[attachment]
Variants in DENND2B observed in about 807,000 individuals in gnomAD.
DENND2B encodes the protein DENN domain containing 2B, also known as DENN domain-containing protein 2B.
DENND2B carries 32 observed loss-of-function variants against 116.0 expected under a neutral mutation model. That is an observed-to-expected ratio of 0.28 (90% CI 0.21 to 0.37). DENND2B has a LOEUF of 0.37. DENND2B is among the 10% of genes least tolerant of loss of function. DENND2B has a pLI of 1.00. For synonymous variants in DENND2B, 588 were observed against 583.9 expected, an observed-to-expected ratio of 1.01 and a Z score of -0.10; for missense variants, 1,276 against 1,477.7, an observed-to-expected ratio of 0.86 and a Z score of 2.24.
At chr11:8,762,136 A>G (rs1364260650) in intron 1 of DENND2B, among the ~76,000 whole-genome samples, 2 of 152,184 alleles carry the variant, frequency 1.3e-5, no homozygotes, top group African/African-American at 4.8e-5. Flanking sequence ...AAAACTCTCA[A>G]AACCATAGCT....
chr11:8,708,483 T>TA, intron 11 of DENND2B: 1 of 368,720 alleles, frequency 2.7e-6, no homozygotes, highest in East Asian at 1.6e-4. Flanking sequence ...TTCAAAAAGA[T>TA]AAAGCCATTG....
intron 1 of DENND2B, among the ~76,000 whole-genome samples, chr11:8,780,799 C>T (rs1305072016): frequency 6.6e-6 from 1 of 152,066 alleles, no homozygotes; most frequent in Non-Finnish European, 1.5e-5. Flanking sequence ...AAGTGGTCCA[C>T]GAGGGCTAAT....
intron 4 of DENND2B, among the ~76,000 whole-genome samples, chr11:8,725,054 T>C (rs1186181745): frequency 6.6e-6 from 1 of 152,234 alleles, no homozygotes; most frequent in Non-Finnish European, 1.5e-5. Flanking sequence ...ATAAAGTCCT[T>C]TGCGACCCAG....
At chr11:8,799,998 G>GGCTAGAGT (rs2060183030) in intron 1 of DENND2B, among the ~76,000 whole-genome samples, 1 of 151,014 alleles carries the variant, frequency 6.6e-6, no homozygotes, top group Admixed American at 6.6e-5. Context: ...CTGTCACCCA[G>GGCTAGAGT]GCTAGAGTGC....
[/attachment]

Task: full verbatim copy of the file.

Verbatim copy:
Variants in DENND2B observed in about 807,000 individuals in gnomAD.
DENND2B encodes the protein DENN domain containing 2B, also known as DENN domain-containing protein 2B.
DENND2B carries 32 observed loss-of-function variants against 116.0 expected under a neutral mutation model. That is an observed-to-expected ratio of 0.28 (90% CI 0.21 to 0.37). DENND2B has a LOEUF of 0.37. DENND2B is among the 10% of genes least tolerant of loss of function. DENND2B has a pLI of 1.00. For synonymous variants in DENND2B, 588 were observed against 583.9 expected, an observed-to-expected ratio of 1.01 and a Z score of -0.10; for missense variants, 1,276 against 1,477.7, an observed-to-expected ratio of 0.86 and a Z score of 2.24.
At chr11:8,762,136 A>G (rs1364260650) in intron 1 of DENND2B, among the ~76,000 whole-genome samples, 2 of 152,184 alleles carry the variant, frequency 1.3e-5, no homozygotes, top group African/African-American at 4.8e-5. Flanking sequence ...AAAACTCTCA[A>G]AACCATAGCT....
chr11:8,708,483 T>TA, intron 11 of DENND2B: 1 of 368,720 alleles, frequency 2.7e-6, no homozygotes, highest in East Asian at 1.6e-4. Flanking sequence ...TTCAAAAAGA[T>TA]AAAGCCATTG....
intron 1 of DENND2B, among the ~76,000 whole-genome samples, chr11:8,780,799 C>T (rs1305072016): frequency 6.6e-6 from 1 of 152,066 alleles, no homozygotes; most frequent in Non-Finnish European, 1.5e-5. Flanking sequence ...AAGTGGTCCA[C>T]GAGGGCTAAT....
intron 4 of DENND2B, among the ~76,000 whole-genome samples, chr11:8,725,054 T>C (rs1186181745): frequency 6.6e-6 from 1 of 152,234 alleles, no homozygotes; most frequent in Non-Finnish European, 1.5e-5. Flanking sequence ...ATAAAGTCCT[T>C]TGCGACCCAG....
At chr11:8,799,998 G>GGCTAGAGT (rs2060183030) in intron 1 of DENND2B, among the ~76,000 whole-genome samples, 1 of 151,014 alleles carries the variant, frequency 6.6e-6, no homozygotes, top group Admixed American at 6.6e-5. Context: ...CTGTCACCCA[G>GGCTAGAGT]GCTAGAGTGC....